Cycling in Croatia 5

As I slowly crawl up another incline on my bicycle, I check my mirror to see a pack of septuagenarians inching closer. In an instant, the ringing of passing bells mutes the sound of my bike chain. One by one, the group passes me, most of whom have 40 years on me, and I’m the one out of breath. I could justify my sluggish performance on my recent spike in olive oil consumption, but no one likes excuses. Inspired by the cycling of others in my group, I take a deep breath, gear-up and spin my legs a little faster. Not long after, I reach the peak feeling satisfied by the sweeping views of the Adriatic Sea and by my ability to keep on pushing. I’m in Croatia, on the island of Brac, on a cycling tour, which will take me through the islands of Brac and Hvar in the Croatian region of Dalmatia.

The tour started in the town of Split, where I met up with the rest of the tour group before ferrying to the island of Brac. I had never been on an “active” tour before, so meeting everyone and hearing their enthusiasm for cycling and about the cycling trips they had taken in the past was motivational. With all the continued introductions and chatter, the ferry trip went by quickly and soon we were at our first destination on Brac, the village of Postira. Postira is a quiet village, and the only thing more eye-catching than the boat-filled harbor are the dramatic mountain-filled landscapes.

After checking in, the group met for a safety session before a short ride to give us a glimpse of the island. I’m glad there aren’t many cars on the island of Brac because the sight of farmers harvesting their wine grapes made focusing on the road extremely difficult. After the ride, the group strolled along the harbor as the sunlight waned in distance. We were led to a family-owned restaurant, which wafted smells of garlic and spices. Inside, we sat down by candlelight and chatted until the hostess brought out the main courses­–three types of peka. Peka is a method of cooking popular in Dalmatia; a protein is stewed in a vessel similar to a Dutch oven with sauce, various spices and vegetables. The dish is covered with a lid and embers are placed on top. I selected the octopus and was amazed by its texture, as it was akin to the texture of chicken.

I awoke the next morning ready to mount up again. We were headed to the town of Pucisca, a gorgeous seaside village nestled by the Adriatic Sea. What’s unique about Pucisca is its stonecutter’s school, where the main material used is limestone. The quality of limestone from Brac is so good that it was exported to the United States to be used in parts of the White House during construction. The stone cutting school looked exactly like what one might conjure images of–chunks of stone everywhere, piles of rock shavings and T-squares. What was most impressive was that the students use only manual tools.

On our last day on Brac, the group’s hard work was rewarded with a trip to the famous Zlatni Rat (Golden Horn Beach) on the island’s southern coast. The weather was perfect and, despite the water being a little chilly, it seemed to remedy everyone’s cycling ailments. What makes the beach on this island unique is that instead of sand, the beach is a mixture of varying sizes of pebbles. I found the best way to enjoy it was to lie down on the smaller pebbles near the water’s edge, and the rocks provided an acupressure release. This, in combination with the lapping waves, almost lulled me to sleep until I heard someone murmur the magic word…cappuccino! After a relaxing lunch in Bol, we boarded a ferry for our second stop of the tour, the island of Hvar.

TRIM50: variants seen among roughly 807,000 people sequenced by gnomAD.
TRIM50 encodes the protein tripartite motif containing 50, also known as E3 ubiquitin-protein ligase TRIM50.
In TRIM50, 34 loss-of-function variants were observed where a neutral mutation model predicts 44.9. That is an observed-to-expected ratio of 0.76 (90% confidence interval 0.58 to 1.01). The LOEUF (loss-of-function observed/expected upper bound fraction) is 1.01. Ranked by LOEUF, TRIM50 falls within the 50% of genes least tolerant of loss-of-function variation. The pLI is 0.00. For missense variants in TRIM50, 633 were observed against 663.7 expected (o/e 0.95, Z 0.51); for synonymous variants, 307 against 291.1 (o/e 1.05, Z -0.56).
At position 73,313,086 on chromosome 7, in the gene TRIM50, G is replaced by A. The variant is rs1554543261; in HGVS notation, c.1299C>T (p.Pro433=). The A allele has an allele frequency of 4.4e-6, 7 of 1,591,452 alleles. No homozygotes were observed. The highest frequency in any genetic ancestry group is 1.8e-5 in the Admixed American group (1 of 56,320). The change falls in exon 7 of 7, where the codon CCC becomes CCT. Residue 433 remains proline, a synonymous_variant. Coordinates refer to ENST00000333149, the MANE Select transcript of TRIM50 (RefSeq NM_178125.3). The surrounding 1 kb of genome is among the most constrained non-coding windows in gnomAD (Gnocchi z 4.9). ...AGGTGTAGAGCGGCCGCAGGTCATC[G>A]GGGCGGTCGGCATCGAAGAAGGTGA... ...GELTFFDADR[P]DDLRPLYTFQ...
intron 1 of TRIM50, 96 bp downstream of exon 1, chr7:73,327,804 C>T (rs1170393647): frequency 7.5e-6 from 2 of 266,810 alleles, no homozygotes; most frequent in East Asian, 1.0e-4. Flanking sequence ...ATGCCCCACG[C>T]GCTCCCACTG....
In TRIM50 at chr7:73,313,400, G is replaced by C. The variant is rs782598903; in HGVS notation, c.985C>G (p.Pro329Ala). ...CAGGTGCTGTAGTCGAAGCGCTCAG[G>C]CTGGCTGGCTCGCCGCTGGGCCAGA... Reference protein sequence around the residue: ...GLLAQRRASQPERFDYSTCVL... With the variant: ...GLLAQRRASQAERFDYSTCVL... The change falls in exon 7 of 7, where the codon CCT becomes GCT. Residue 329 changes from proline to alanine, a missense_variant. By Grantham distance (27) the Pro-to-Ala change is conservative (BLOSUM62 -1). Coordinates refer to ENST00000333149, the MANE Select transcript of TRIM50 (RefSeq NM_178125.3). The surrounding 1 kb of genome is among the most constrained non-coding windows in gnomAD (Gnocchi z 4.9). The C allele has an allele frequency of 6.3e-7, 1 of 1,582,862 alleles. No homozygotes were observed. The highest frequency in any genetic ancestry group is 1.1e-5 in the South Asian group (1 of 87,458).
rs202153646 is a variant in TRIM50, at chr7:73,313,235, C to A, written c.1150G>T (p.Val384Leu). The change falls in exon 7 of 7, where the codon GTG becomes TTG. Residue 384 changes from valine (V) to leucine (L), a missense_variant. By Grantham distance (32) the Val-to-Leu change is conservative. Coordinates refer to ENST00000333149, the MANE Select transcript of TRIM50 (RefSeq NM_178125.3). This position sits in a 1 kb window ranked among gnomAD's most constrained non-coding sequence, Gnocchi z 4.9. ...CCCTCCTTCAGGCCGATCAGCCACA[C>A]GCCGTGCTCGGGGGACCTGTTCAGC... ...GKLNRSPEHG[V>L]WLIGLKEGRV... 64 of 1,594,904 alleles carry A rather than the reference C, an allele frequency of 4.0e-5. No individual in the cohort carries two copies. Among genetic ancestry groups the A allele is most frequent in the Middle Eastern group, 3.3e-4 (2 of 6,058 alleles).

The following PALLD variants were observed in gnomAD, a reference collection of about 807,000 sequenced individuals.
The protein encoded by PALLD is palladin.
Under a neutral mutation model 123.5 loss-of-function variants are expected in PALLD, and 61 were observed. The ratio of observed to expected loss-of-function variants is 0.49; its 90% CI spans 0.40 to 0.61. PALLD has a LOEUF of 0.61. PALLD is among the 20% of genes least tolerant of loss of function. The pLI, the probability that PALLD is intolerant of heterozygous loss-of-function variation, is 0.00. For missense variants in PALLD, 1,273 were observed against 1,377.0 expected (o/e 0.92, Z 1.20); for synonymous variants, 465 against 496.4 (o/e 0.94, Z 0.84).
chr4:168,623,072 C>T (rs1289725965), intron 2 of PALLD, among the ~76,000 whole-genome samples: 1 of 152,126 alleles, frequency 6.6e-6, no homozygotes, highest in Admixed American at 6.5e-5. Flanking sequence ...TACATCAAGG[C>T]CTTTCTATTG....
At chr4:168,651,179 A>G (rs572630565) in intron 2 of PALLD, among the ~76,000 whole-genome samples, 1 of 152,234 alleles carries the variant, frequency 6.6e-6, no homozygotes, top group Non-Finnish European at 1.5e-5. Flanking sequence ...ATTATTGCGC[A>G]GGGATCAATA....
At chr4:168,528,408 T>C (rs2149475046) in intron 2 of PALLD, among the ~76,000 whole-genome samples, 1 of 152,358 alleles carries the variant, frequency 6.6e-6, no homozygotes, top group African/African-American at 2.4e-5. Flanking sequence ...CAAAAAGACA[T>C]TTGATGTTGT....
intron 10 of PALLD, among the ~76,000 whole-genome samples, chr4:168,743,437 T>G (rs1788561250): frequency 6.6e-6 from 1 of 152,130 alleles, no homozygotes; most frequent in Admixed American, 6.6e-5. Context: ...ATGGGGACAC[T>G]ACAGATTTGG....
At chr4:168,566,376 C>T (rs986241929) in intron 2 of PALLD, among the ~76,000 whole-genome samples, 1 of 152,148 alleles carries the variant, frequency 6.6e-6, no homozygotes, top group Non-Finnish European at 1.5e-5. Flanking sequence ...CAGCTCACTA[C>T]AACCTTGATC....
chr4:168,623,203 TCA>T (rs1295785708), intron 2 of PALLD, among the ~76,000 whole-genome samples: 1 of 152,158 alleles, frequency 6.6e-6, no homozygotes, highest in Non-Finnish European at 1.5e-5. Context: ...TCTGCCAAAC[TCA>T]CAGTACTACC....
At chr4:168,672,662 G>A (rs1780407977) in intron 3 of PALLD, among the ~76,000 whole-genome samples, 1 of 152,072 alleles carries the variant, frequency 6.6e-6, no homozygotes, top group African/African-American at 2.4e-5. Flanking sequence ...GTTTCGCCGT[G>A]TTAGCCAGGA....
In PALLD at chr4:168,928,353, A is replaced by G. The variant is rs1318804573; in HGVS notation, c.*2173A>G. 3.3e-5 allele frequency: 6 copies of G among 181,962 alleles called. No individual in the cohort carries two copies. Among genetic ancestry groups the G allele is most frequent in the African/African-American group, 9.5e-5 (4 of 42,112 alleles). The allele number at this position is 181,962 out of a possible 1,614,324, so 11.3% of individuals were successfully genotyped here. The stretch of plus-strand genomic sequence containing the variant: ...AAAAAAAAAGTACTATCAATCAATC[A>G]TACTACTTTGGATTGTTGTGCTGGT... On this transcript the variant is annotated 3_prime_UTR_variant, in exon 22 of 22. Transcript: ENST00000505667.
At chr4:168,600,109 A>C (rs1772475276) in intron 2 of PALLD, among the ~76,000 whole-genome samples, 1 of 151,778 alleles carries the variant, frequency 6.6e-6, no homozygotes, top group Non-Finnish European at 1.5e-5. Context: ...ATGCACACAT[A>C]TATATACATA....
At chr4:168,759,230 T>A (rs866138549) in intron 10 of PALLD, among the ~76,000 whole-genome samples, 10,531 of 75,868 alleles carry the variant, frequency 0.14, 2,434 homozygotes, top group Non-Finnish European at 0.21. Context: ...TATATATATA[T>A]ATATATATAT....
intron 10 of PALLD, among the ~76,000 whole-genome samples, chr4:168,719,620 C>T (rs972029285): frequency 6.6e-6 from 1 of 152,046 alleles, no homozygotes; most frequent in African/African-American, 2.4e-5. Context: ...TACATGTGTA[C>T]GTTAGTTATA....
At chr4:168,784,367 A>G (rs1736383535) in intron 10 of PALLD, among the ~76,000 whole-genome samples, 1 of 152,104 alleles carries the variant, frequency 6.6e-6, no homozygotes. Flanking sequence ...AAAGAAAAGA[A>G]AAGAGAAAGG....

We arrived in Havar Town, where our hotel was located, in late afternoon. The cafes lining the harbor were starting to fill with patrons, and the smells of coffee brewing began to fill the air. At sunset, everyone met in our hotel’s courtyard to walk together to an intimate cooking lesson at a nearby chef’s home. When we arrived, Chef Ante Vucetic, our host, invited us into his garden for a tour. We were led to Ante’s outdoor kitchen, and, as he explained his cooking philosophy, he also explained the evening’s menu: a tomato stew called salsa (pronounced shasha) and a delicious grilled tuna steak with spices, accompanied by potatoes and buttered green peas. The flavors were nice and simple, yet the quality of the ingredients really made the dishes shine. On top of these dishes, I used a liberal amount of some of the best salt I have ever tasted, which Ante gathered from the sea. The meal was one of my most memorable highlights, and Ante made our evening incredibly special.

The following evening everyone met near Hvar Town harbor for a farewell dinner, and, as we sat dining on seafood and delicious Croatian wine, we listened to the sounds of the peaceful Adriatic. I had been biking for roughly a week straight, but I didn’t feel sore at all. I was actually thinking about how I would miss my bicycle and the daily route reviews with our guides. Being with a group of people all driven to complete a physical challenge was something I would miss. The comradery I felt on this trip was incredible and will be a feeling that I carry with me for some time.